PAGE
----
July/August 2022Vol. 23, No. 6Child Advocate Speaks About Ukrainian Orphanage Experience and the Future for Orphans
Written by Ryan Young, at the invitation of Associate Commissioner Aysha E. Schomburg
Many people worldwide are extending their humanitarian support and solidarity toward the unwarranted Russian war in Ukraine; however, the plight of Ukrainian orphans is often unintentionally overlooked. According to Save the Children, there are more than 100,000 orphan children living in 600 Ukrainian orphanages. The U.S. State Department recently declared a travel ban on U.S. citizens traveling to Ukraine due to the ongoing Russian war. As a result, many prospective adoptive parents hoping to adopt Ukrainian children are not able to proceed with the adoption process.
I was once an orphan who lived in a Ukrainian orphanage. Here's my story and the effects that the ongoing war in Ukraine can have on the safety of orphans.
I was born into a loving biological family that was circumstantially extremely poor. As a result, they had to cooperate with Ukrainian officials to remove my older birth brother and myself to be placed in a Ukrainian orphanage. After 7 years, a single, Argentinian American mother from the United States sought to adopt a child from Ukraine, and my time as a Ukrainian orphan was over. The adoption was finalized in May of 2008. Coinciding with the finalization of my adoption, former Ukrainian president Viktor Yushchenko changed Ukrainian international adoption laws to prevent single people from adopting Ukrainian orphans. My brother and I were the last Ukrainian orphans adopted by a single parent. I continue to be grateful for this once-in-a-lifetime opportunity to be adopted. After coming to the United States, I spent 5 years in a private boarding school and ended up in the foster care system in Arizona at the age of 16, later aging out of the system at 18. I could not imagine being an orphan in Ukraine right now, and I am hopeful they are safe and protected from this war's life-threatening harm.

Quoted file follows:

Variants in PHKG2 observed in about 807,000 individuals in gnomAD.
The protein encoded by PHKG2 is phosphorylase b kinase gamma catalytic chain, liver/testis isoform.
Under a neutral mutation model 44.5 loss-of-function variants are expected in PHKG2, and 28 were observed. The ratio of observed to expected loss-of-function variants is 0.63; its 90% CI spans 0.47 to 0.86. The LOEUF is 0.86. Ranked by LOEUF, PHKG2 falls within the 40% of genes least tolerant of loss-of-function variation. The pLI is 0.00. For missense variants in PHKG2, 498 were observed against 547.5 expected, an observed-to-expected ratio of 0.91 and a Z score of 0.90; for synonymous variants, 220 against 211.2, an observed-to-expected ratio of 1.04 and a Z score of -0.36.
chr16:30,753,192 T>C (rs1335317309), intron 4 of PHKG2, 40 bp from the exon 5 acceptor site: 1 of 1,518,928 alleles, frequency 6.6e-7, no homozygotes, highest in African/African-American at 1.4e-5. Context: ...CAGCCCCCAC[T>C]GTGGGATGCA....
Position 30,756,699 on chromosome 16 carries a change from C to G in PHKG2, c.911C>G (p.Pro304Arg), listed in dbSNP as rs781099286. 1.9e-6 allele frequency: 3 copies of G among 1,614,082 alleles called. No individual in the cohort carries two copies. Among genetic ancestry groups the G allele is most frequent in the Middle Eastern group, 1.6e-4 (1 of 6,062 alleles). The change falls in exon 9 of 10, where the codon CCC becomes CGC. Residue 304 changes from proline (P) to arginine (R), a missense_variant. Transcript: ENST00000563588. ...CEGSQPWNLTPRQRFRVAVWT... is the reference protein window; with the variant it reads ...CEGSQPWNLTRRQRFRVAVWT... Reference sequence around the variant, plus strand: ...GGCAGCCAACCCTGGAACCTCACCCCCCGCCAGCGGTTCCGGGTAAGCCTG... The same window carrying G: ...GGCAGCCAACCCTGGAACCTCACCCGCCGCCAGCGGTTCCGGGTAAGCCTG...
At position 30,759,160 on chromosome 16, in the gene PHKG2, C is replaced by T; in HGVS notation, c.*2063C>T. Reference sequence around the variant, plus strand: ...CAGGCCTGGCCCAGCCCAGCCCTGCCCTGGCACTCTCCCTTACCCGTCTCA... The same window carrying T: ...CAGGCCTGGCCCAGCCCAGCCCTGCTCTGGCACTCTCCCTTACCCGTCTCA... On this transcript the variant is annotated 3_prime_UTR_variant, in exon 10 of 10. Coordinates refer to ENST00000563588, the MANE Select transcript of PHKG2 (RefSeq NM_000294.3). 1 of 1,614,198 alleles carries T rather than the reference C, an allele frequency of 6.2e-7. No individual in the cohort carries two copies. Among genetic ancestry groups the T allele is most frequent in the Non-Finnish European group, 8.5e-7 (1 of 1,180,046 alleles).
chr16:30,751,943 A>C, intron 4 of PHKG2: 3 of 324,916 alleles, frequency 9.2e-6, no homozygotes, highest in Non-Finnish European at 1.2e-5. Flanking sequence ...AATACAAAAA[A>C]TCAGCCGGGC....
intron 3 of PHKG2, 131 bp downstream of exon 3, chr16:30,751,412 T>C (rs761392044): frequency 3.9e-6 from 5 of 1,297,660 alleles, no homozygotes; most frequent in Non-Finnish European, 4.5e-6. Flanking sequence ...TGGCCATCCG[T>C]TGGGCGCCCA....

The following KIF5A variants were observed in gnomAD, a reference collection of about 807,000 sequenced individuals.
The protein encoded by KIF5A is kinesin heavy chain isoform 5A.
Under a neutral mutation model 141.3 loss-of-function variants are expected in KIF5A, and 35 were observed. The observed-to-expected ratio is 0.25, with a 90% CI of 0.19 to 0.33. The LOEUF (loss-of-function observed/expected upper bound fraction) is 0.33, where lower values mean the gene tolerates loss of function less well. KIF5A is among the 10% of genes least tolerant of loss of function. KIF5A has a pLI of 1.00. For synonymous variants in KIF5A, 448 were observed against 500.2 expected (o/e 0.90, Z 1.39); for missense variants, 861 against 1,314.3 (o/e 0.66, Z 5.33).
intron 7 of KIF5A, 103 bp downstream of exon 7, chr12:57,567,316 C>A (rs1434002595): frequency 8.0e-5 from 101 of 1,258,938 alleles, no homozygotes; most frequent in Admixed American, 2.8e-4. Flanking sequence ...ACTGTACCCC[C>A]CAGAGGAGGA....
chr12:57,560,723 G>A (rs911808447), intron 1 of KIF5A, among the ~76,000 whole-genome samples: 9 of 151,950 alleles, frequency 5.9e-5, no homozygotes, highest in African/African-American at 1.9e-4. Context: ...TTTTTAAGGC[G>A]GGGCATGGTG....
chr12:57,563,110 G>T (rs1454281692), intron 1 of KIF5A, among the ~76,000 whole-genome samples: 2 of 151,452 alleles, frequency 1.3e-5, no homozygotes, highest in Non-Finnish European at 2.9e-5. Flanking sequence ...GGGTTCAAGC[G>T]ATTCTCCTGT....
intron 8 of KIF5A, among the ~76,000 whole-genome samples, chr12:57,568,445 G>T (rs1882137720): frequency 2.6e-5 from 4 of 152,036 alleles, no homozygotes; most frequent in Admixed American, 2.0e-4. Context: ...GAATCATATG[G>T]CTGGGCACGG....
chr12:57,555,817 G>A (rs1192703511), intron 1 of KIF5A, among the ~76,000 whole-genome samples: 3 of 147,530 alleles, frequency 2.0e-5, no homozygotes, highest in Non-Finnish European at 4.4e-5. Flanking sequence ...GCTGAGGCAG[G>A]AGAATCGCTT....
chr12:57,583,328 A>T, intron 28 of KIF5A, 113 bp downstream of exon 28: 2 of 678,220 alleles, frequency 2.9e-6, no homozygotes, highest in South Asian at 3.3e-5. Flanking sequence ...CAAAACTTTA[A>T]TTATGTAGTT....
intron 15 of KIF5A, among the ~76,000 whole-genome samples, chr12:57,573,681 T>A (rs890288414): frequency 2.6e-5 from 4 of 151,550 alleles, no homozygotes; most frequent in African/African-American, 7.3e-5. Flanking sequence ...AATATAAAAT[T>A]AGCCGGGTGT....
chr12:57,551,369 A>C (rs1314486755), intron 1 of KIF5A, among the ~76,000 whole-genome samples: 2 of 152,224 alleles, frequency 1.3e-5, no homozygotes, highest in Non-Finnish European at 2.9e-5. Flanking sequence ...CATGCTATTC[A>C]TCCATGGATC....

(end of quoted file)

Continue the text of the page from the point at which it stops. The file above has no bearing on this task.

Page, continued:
Many orphans in Ukraine rely on their government to preserve their safety, but how can a government do that when their top priorities revolve around restoring their peoples' freedoms and livelihood? There are current humanitarian efforts under way to ensure the orphans' safety, but I have to question how successful they will be if the Russian attacks continue to have a deadly effect in Ukraine. These orphan children shouldn't be in the midst of this war nor be put on the backburner. The Ukrainian orphans deserve safety, stability, and permanency above all, and our American foster care system has not been great at that. However, if we continue to focus on these priorities, all children can thrive even amidst deadly crises. Their lives are just as important as the rest of the people in Ukraine. I am hopeful that the Ukrainian government, along with humanitarian support, will fiercely continue to ensure their safety at such a challenging time like this.